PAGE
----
In tandem with the exhibition, the APS has created a blog to highlight the work of living APS Members and grant and fellowship recipients. Each month, four scientists will be featured.
Pursuit & Persistence: 300 Years of Women in Science
Pursuit & Persistence: 300 Years of Women in Science, a new exhibition at the American Philosophical Society's Library & Museum, explores how women scientists have overcome obstacles to achieve breakthroughs, make places for themselves in science, and help others along the way.
The exhibition invites visitors to meet women whose boundless curiosity impelled them to investigate the mysteries of the universe, from the stars glittering in the night sky down to the inner workings of cells in our bodies and the structures of the atoms that make up all matter.
In pursuit of this knowledge, women scientists encountered many formidable roadblocks: unequal access to higher education; discrimination in hiring, pay, and promotions; lack of support for raising families; and denied or delayed recognition of their contributions. Their persistence in breaking down these barriers highlights their courage and demonstrates the importance of collaboration, mentoring, and networking.
Focusing on the physical and biological sciences the exhibition begins in Europe in the 18th century, then moves to the United States to tell the stories of women in science during the 19th and 20th centuries.
Nine scientists are featured: Maria Sibylla Merian, German naturalist and artist; Émilie du Châtelet, French mathematician; Laura Bassi, Italian physicist; and Americans Emma Seiler, physiologist and musician; Maria Mitchell, astronomer; Florence Rena Sabin, medical researcher; Barbara McClintock, geneticist; Rose Mooney-Slater, crystallographer and physicist; and Mildred Cohn, biochemist. Additional women in the exhibition include naturalist and artist Lucy Say, nuclear physicist Chien-Shiung Wu, and science teacher Jeannine Duane, among others.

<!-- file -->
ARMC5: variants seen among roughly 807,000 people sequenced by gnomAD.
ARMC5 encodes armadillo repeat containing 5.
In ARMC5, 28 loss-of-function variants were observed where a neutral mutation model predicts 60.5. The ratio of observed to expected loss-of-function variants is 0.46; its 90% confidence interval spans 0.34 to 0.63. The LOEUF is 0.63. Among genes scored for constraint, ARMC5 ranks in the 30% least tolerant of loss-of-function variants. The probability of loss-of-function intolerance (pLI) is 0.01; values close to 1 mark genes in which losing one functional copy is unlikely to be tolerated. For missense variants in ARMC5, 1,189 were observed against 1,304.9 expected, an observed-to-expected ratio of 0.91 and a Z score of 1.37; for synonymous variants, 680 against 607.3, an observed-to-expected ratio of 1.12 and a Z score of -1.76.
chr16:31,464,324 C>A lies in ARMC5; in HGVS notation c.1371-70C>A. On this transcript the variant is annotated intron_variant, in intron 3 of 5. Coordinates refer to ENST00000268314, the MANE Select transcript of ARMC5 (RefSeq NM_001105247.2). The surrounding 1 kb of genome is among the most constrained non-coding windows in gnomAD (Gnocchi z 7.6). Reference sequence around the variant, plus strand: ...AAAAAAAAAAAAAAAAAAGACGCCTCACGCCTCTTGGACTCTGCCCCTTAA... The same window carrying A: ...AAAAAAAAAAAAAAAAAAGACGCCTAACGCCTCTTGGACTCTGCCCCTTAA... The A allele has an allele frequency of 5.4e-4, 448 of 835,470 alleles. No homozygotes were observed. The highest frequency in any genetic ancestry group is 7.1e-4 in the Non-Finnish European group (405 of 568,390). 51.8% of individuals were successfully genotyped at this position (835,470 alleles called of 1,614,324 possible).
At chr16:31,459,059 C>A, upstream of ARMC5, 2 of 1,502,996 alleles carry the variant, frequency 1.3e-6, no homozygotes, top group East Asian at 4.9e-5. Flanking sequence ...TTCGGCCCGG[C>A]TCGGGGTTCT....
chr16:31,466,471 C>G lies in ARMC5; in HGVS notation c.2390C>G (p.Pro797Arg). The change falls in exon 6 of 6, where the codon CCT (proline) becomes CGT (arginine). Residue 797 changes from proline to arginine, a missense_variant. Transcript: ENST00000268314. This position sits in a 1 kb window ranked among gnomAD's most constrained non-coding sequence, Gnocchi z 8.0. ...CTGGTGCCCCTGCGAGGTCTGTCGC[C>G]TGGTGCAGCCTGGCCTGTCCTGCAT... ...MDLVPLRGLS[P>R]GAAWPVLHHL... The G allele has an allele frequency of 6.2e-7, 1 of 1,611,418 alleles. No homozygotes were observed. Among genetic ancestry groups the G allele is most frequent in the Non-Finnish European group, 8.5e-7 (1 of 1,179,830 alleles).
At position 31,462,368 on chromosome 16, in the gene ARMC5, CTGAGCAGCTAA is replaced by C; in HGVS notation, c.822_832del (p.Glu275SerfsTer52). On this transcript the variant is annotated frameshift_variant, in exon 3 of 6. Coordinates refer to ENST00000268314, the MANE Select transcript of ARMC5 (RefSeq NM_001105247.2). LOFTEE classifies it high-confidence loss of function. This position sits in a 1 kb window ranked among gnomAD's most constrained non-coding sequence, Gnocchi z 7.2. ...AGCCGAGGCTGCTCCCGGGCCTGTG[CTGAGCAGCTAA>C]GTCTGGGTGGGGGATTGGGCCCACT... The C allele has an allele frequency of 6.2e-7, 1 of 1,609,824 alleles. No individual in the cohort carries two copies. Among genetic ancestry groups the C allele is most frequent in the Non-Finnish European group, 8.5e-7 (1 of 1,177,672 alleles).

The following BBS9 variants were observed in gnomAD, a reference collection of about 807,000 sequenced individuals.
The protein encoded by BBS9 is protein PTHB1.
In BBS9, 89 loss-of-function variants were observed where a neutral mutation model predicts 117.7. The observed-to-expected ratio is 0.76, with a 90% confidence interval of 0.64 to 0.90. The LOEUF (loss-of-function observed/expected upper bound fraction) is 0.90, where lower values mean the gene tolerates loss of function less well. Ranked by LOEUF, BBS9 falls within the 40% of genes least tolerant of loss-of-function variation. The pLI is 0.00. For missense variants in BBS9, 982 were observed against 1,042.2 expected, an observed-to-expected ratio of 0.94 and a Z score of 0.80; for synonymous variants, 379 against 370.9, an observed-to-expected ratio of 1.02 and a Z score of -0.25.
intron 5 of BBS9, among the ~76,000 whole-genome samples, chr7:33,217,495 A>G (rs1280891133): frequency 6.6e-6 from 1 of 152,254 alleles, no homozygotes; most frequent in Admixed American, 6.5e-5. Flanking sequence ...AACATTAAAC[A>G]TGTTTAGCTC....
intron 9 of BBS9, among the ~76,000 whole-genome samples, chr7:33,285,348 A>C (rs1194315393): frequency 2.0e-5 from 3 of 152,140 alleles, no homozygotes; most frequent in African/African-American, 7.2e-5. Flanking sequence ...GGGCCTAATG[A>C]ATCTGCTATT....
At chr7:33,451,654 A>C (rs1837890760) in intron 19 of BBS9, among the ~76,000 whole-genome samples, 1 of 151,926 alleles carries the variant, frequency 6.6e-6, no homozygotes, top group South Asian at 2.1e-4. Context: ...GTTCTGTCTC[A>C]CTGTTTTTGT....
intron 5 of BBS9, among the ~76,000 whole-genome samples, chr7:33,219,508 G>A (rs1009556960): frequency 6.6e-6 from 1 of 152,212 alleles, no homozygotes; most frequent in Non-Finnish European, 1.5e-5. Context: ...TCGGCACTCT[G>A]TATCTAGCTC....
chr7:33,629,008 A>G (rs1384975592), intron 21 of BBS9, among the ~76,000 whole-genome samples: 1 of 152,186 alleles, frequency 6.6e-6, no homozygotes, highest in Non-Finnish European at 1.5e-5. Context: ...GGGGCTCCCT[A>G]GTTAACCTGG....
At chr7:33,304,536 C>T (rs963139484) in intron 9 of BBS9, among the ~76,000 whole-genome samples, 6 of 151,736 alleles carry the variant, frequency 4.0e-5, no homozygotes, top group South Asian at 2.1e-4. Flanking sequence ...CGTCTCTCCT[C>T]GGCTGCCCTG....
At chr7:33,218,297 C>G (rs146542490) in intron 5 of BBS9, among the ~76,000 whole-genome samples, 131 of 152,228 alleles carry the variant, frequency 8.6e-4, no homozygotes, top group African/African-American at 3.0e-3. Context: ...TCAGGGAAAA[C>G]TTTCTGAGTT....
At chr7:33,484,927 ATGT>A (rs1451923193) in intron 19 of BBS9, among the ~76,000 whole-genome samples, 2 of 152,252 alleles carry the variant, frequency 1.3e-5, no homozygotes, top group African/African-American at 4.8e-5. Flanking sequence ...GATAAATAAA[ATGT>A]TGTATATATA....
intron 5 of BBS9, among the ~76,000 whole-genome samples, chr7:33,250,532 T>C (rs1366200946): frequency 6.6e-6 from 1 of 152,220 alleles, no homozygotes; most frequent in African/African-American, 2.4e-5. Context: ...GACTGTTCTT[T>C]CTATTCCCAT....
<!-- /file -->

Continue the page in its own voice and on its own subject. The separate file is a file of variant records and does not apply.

Dozens of documents, publications, and artifacts from the APS’s extensive collections and private lenders—most never exhibited before—illuminate the groundbreaking scientific research and sometimes bumpy career trajectories of these remarkable women. Throughout the exhibition, contemporary artworks by Rebecca Kamen interpret the scientists’ discoveries in visual form and celebrate their achievements.